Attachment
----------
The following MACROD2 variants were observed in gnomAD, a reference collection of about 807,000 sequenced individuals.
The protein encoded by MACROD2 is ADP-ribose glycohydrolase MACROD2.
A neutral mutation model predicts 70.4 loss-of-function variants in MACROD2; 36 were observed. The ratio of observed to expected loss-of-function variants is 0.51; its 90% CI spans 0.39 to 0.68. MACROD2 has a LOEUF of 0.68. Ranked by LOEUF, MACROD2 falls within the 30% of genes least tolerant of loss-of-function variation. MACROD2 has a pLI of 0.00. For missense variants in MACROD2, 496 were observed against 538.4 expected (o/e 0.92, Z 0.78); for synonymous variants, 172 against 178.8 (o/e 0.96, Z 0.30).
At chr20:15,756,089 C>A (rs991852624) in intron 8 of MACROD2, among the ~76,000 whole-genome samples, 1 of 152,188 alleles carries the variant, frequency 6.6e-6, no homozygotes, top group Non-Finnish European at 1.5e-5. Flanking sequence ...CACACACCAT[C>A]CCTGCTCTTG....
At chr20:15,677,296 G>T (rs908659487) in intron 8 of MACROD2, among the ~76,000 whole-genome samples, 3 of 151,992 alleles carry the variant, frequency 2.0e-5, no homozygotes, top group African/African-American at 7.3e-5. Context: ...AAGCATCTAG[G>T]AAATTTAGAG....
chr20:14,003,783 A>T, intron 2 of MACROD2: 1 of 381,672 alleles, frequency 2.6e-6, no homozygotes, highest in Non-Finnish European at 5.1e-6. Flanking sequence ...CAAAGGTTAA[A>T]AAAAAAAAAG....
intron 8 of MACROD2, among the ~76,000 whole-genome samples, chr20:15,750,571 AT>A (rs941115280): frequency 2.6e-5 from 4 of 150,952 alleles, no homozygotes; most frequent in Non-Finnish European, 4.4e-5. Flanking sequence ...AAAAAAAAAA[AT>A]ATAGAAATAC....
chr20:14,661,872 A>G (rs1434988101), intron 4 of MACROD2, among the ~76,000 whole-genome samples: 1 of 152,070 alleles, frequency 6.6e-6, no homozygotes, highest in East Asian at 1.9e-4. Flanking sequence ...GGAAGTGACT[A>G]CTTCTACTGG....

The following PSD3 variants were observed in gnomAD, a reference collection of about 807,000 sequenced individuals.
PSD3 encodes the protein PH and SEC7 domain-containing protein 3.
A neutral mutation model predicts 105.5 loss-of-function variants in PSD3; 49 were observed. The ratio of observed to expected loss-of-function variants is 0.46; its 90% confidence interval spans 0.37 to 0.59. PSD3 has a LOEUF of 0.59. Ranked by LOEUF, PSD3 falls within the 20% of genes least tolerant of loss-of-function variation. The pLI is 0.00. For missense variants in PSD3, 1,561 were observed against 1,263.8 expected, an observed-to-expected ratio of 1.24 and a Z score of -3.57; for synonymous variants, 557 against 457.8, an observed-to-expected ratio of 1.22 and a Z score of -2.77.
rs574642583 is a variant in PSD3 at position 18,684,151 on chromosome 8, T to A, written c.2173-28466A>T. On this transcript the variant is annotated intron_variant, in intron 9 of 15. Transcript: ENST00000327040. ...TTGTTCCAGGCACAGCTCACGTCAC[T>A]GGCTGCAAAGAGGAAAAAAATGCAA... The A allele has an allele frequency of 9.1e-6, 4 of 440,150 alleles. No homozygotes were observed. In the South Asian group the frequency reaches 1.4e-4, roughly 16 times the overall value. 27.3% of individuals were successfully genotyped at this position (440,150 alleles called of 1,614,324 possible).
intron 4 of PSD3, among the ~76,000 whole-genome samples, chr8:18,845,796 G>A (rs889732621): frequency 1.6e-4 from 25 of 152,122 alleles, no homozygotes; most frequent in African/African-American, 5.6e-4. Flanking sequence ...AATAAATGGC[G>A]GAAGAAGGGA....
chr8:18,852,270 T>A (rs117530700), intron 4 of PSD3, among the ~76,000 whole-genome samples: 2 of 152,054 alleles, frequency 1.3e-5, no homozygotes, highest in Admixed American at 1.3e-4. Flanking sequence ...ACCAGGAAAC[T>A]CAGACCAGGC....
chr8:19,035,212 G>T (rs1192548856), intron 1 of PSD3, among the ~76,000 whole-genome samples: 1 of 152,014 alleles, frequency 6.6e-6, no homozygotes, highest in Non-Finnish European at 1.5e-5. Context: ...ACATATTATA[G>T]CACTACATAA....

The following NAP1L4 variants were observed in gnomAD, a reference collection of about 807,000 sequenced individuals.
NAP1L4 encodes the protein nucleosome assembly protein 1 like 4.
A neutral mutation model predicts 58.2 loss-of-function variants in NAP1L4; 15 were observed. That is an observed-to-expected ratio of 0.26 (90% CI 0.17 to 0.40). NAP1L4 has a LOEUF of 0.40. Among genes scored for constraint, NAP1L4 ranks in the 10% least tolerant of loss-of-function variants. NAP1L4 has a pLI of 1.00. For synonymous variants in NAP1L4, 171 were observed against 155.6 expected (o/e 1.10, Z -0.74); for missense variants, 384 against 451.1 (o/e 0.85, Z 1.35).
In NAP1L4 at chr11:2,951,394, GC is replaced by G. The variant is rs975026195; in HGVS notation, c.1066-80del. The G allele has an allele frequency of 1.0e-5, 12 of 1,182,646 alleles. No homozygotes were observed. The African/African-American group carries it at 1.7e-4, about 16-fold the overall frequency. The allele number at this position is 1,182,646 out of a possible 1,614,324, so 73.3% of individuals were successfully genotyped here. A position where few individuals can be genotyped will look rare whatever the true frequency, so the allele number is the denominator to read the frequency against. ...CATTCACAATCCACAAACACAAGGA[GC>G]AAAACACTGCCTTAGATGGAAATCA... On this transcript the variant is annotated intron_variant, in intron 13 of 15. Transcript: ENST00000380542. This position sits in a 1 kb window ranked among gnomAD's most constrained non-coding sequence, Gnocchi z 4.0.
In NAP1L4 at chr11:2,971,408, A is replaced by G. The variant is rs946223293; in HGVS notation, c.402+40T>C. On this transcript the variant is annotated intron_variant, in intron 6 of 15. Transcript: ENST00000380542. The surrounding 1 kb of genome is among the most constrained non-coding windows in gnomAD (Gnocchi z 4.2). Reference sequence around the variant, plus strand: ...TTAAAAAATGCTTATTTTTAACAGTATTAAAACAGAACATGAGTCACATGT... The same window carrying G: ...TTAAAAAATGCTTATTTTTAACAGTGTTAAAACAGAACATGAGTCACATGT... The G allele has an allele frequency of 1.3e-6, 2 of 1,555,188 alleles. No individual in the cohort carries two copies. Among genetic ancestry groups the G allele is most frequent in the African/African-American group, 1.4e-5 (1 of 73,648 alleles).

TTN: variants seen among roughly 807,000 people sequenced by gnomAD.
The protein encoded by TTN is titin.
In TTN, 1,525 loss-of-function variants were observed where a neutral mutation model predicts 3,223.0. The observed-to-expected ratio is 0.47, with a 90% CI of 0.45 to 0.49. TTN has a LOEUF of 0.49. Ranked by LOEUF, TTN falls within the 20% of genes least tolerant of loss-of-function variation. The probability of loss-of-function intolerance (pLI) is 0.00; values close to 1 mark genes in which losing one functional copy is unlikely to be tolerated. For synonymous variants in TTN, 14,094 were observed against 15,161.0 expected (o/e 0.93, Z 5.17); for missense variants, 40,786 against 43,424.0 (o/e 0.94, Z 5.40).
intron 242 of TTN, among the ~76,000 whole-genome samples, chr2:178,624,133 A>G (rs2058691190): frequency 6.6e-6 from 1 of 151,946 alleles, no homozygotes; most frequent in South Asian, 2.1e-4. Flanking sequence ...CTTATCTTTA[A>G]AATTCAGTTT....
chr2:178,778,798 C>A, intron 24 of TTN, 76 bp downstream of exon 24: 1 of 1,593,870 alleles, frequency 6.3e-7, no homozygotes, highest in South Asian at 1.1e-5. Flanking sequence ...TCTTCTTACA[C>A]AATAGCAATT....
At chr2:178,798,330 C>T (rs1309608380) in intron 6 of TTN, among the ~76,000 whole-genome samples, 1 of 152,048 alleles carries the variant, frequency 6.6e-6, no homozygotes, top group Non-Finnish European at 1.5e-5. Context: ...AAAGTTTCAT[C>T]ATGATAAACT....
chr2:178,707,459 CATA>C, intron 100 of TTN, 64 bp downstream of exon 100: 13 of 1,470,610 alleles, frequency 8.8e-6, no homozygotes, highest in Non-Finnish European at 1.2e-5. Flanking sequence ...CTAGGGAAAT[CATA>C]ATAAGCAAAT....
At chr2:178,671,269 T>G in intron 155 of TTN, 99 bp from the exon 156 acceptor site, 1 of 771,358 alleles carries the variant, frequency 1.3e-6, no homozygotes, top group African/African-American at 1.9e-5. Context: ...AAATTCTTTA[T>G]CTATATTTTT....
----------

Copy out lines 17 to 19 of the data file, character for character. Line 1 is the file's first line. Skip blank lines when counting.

NAP1L4 encodes the protein nucleosome assembly protein 1 like 4.
A neutral mutation model predicts 58.2 loss-of-function variants in NAP1L4; 15 were observed. That is an observed-to-expected ratio of 0.26 (90% CI 0.17 to 0.40). NAP1L4 has a LOEUF of 0.40. Among genes scored for constraint, NAP1L4 ranks in the 10% least tolerant of loss-of-function variants. NAP1L4 has a pLI of 1.00. For synonymous variants in NAP1L4, 171 were observed against 155.6 expected (o/e 1.10, Z -0.74); for missense variants, 384 against 451.1 (o/e 0.85, Z 1.35).
In NAP1L4 at chr11:2,951,394, GC is replaced by G. The variant is rs975026195; in HGVS notation, c.1066-80del. The G allele has an allele frequency of 1.0e-5, 12 of 1,182,646 alleles. No homozygotes were observed. The African/African-American group carries it at 1.7e-4, about 16-fold the overall frequency. The allele number at this position is 1,182,646 out of a possible 1,614,324, so 73.3% of individuals were successfully genotyped here. A position where few individuals can be genotyped will look rare whatever the true frequency, so the allele number is the denominator to read the frequency against. ...CATTCACAATCCACAAACACAAGGA[GC>G]AAAACACTGCCTTAGATGGAAATCA... On this transcript the variant is annotated intron_variant, in intron 13 of 15. Transcript: ENST00000380542. This position sits in a 1 kb window ranked among gnomAD's most constrained non-coding sequence, Gnocchi z 4.0.